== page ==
TV makers vow to revamp goggle box
TV makers outlined the future of the humble home television, promising higher definition sets and smarter TVs as they battle to stay as the centre of home entertainment.
Unveiling new products to the Consumer Electronics Show in Las Vegas yesterday, companies such as LG, Toshiba and Sharp showed off a new generation of Ultra High Definition TVs that have up to four times as many pixels as their predecessors.
The new generation of TVs will be available in more consumer friendly sizes, ranging from 55 inches to the larger 84 inch sizes.
Toshiba got the ball rolling with its L93000 Series Ultra HD 4K LED TVs. The new TVs will come in three sizes: 58 inches, 65 inches and 84 inches.
LG, meanwhile, showed off a new 3D enabled 84-inch Ultra HD TV, and a 3D OLED TV.
The company also continued to back its Magic Remote, the new version of which brings touch and voice integration to its product lineup.
Sharp showed a new line of its Aquos LED TVs that is hoping to capture the market for Ultra HD, with sizes up to 85 inches. The company also unveiled plans for 8K TVs, and announced enhancements to its smart tV platform that include split screen that allows you to go online while watching TV.
Sony is also expected to unveil some more consumer friendly 4K displays at its press conference later this evening. Although it’s not yet clear what price the new TVs will carry, it is expected to be more expensive than the current crop of HD TVs.
Samsung, meanwhile, has already announced its new Bluray player, which upscales content to 4K resolution, and was planning further product announcements at its press conference.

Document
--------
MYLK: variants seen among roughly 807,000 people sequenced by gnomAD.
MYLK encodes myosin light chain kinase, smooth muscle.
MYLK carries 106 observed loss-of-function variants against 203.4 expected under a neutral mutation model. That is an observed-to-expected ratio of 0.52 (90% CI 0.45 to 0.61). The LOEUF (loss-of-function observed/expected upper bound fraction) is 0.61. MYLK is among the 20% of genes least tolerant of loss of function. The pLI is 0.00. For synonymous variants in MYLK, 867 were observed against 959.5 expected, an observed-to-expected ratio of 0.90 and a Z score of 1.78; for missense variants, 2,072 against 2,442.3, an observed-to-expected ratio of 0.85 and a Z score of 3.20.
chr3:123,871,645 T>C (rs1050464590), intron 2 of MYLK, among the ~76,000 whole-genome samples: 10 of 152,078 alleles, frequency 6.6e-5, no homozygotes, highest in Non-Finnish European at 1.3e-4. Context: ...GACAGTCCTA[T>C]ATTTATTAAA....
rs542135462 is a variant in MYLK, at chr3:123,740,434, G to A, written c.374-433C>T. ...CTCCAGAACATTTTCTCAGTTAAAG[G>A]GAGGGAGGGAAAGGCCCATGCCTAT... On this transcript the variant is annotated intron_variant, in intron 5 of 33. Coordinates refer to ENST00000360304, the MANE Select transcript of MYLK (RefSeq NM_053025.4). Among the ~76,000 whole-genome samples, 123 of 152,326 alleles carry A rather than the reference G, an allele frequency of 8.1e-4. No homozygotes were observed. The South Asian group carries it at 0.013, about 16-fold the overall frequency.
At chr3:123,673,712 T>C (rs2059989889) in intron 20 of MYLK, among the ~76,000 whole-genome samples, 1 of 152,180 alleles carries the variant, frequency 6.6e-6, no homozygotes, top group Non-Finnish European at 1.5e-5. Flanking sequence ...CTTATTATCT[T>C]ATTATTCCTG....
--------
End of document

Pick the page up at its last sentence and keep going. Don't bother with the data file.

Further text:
But consumers may be wary of the new TV sets for some time, as a lack of native content and the high cost of the new technology dampens enthusiasm.
Panasonic also showed off its plans for smart TV platforms, with facial recognition, voice integration and customised home screens for different family members.
Computers and tablets running Microsoft’s latest touchscreen interface Windows 8 are also expected in abundance at the electronics show, with Lenovo showing off a new line of touch-optimised machines aimed at both consumers and businesses. The new devices included touch enabled thin and light machines, known as ultra books, all in one devices, and the ThinkPad Mobile Monitor, which can be used as a second display or to add touch screen functionality to machines.
“People love touch. It’s everywhere in today’s PC Plus world and is driving new interactions with devices and digital content,” said Peter Hortensius, Lenovo’s senior vice president. “We’ve aggressively integrated touch across our consumer PCs so that we have one of the largest portfolios of Windows 8 touch products available.”
Also featuring heavily at the show are connected smart devices that turn a consumer's data into useful ways to help improve health and lifestyle, through devices that monitor activity, blood pressure, sleep patterns and even a fork to help you slow down food intake.
The Consumer Electronics Show officially opens tomorrow in Las Vegas, with about 156,000 attendees expected to walk through its doors before it closes at the end of the week.
Major technology firms such as Sony, Panasonic, Samsung and Lenovo are among the 3,000 firms exhibiting at the event. This year’s exhibition has grown in floor size, to 170,000 sq m this year.
However, with some of the major technology firms scaling down their presence at the show – Microsoft is no longer delivering the keynote speech and some firms are abandoning the show floor in favour of holding meetings at the many nearby hotels – questions have once again arisen about its future and whether it will continue to play as big a part in the tech industry’s calendar in years to come.